Of course, if that's the point - and it seems to be - then we have a dilemma, if we are honest with God and ourselves. The dilemma is that nearly two millennia later the poor and oppressed are still calling out for relief and, for the most part, don't seem to be appreciably closer to a world of justice and compassion than they were when Jesus told the parable. If one reads this parable as it has always been read, as a counsel to relentless prayer, there will always seem to be some lack of evidence that such prayer really makes a difference. Unless Jesus is talking about deferred compensation - the kind of "pie in the sky by and by" vindication that many Christians resist - then, frankly, the claim for persistence isn't very convincing...or at least not always.
Don't get me wrong. I believe persistent prayer is very important, even when such prayers are not answered in the ways we think best. It is important to be unrelenting in our prayers...not only because of the changes our prayers may elicit in God's mind, but for the changes such prayers can work in our own hearts and minds. As Frederick Buechner said years ago, persistence is a key, "not because you have to beat a path to God's door before [God will] open it, but because until you beat the path, maybe there's no way of getting to your door."2
Buechner's comment set me to thinking that maybe there's more to this parable than we have sometimes seen. What if Jesus offered this parable not only as a call to prayerful persistence but also as a reminder to the church of the importance of securing justice for the poor and the oppressed in their midst? Alan Culpepper says, "To those who have it in their power to relieve the distress of the widow, the orphan and the stranger but do not [do so], the call to pray day and night is a command to let the priorities of God's compassion reorder the priorities of their lives."3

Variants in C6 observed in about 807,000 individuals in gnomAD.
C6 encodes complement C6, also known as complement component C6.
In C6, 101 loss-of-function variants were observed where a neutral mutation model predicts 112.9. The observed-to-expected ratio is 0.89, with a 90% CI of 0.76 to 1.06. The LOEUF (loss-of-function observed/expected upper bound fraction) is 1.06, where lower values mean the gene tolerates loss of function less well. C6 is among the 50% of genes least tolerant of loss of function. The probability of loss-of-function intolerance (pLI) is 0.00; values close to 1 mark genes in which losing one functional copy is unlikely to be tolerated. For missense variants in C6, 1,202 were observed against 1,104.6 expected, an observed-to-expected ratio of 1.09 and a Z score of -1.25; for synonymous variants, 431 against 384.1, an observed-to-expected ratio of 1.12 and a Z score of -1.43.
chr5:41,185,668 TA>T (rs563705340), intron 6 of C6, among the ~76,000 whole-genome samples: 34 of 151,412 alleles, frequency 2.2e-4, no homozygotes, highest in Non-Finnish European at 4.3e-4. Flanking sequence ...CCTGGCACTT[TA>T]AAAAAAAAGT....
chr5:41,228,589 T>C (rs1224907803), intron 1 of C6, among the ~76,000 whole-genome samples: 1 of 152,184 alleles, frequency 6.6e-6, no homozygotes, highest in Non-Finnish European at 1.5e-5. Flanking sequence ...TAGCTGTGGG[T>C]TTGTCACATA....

What if we stand this parable on its head and hear it as a testimony to the persistence of God, who wants us to grant justice to God's chosen ones who cry out day and night? Might this parable speak to the resolute, persistent, unrelenting, determined One who keeps knocking on our door, challenging us to respond, pressing us to accept God's claims, urging us to work for the good of neighbors in need?
All through the Scriptures we can trace God's unwavering claim on God's people - the covenant with Abraham, the giving of Torah (that set forth a way of faithfulness and integrity and righteousness), and when God's children rebelled and fell into selfish ways, the sending of prophets to press God's claims and to call for justice and fairness...and later when the people ignored the prophets, in the fullness of time, God sent the Christ into the world to demonstrate once and for all the character of God's grace and love toward all of God's children, and especially the poor and the outcast. "Behold," said the Christ, "I stand at the door and knock." That knock is the sound a conscience makes in the life of the faithful.